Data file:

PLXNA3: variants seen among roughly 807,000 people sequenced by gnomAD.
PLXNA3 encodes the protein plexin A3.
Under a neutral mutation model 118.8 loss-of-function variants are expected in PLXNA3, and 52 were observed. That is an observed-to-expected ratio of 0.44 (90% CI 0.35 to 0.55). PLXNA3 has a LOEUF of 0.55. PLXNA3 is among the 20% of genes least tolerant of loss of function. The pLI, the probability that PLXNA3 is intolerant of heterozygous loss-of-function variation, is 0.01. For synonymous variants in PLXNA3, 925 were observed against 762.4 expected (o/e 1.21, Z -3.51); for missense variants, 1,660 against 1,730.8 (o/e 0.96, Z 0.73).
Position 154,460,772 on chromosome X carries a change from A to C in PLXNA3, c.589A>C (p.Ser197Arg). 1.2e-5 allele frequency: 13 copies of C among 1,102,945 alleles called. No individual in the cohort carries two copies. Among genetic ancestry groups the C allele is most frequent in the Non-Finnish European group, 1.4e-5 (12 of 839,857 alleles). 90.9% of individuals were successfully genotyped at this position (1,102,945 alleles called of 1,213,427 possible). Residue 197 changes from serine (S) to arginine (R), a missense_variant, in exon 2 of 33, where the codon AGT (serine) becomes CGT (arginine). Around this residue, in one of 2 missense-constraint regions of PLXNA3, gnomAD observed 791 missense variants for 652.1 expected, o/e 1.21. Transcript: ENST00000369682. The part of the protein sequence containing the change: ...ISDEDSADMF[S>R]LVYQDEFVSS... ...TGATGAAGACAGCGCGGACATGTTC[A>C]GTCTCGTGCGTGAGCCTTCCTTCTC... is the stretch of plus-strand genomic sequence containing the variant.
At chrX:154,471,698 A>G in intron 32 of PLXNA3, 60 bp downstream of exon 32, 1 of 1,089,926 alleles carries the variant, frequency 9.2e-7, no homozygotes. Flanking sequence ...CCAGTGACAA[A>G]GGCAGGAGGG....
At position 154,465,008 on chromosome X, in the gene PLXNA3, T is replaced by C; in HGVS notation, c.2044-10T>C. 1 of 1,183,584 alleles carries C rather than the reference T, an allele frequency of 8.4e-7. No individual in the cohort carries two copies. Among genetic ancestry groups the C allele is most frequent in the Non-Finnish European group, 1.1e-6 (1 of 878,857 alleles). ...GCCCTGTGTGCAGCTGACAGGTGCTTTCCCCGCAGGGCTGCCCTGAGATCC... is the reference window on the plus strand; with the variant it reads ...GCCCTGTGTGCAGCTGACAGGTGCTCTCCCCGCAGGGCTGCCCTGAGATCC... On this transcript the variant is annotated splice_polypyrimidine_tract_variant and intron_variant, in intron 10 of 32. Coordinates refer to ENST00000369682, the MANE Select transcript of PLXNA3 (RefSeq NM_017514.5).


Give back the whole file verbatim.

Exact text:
PLXNA3: variants seen among roughly 807,000 people sequenced by gnomAD.
PLXNA3 encodes the protein plexin A3.
Under a neutral mutation model 118.8 loss-of-function variants are expected in PLXNA3, and 52 were observed. That is an observed-to-expected ratio of 0.44 (90% CI 0.35 to 0.55). PLXNA3 has a LOEUF of 0.55. PLXNA3 is among the 20% of genes least tolerant of loss of function. The pLI, the probability that PLXNA3 is intolerant of heterozygous loss-of-function variation, is 0.01. For synonymous variants in PLXNA3, 925 were observed against 762.4 expected (o/e 1.21, Z -3.51); for missense variants, 1,660 against 1,730.8 (o/e 0.96, Z 0.73).
Position 154,460,772 on chromosome X carries a change from A to C in PLXNA3, c.589A>C (p.Ser197Arg). 1.2e-5 allele frequency: 13 copies of C among 1,102,945 alleles called. No individual in the cohort carries two copies. Among genetic ancestry groups the C allele is most frequent in the Non-Finnish European group, 1.4e-5 (12 of 839,857 alleles). 90.9% of individuals were successfully genotyped at this position (1,102,945 alleles called of 1,213,427 possible). Residue 197 changes from serine (S) to arginine (R), a missense_variant, in exon 2 of 33, where the codon AGT (serine) becomes CGT (arginine). Around this residue, in one of 2 missense-constraint regions of PLXNA3, gnomAD observed 791 missense variants for 652.1 expected, o/e 1.21. Transcript: ENST00000369682. The part of the protein sequence containing the change: ...ISDEDSADMF[S>R]LVYQDEFVSS... ...TGATGAAGACAGCGCGGACATGTTC[A>C]GTCTCGTGCGTGAGCCTTCCTTCTC... is the stretch of plus-strand genomic sequence containing the variant.
At chrX:154,471,698 A>G in intron 32 of PLXNA3, 60 bp downstream of exon 32, 1 of 1,089,926 alleles carries the variant, frequency 9.2e-7, no homozygotes. Flanking sequence ...CCAGTGACAA[A>G]GGCAGGAGGG....
At position 154,465,008 on chromosome X, in the gene PLXNA3, T is replaced by C; in HGVS notation, c.2044-10T>C. 1 of 1,183,584 alleles carries C rather than the reference T, an allele frequency of 8.4e-7. No individual in the cohort carries two copies. Among genetic ancestry groups the C allele is most frequent in the Non-Finnish European group, 1.1e-6 (1 of 878,857 alleles). ...GCCCTGTGTGCAGCTGACAGGTGCTTTCCCCGCAGGGCTGCCCTGAGATCC... is the reference window on the plus strand; with the variant it reads ...GCCCTGTGTGCAGCTGACAGGTGCTCTCCCCGCAGGGCTGCCCTGAGATCC... On this transcript the variant is annotated splice_polypyrimidine_tract_variant and intron_variant, in intron 10 of 32. Coordinates refer to ENST00000369682, the MANE Select transcript of PLXNA3 (RefSeq NM_017514.5).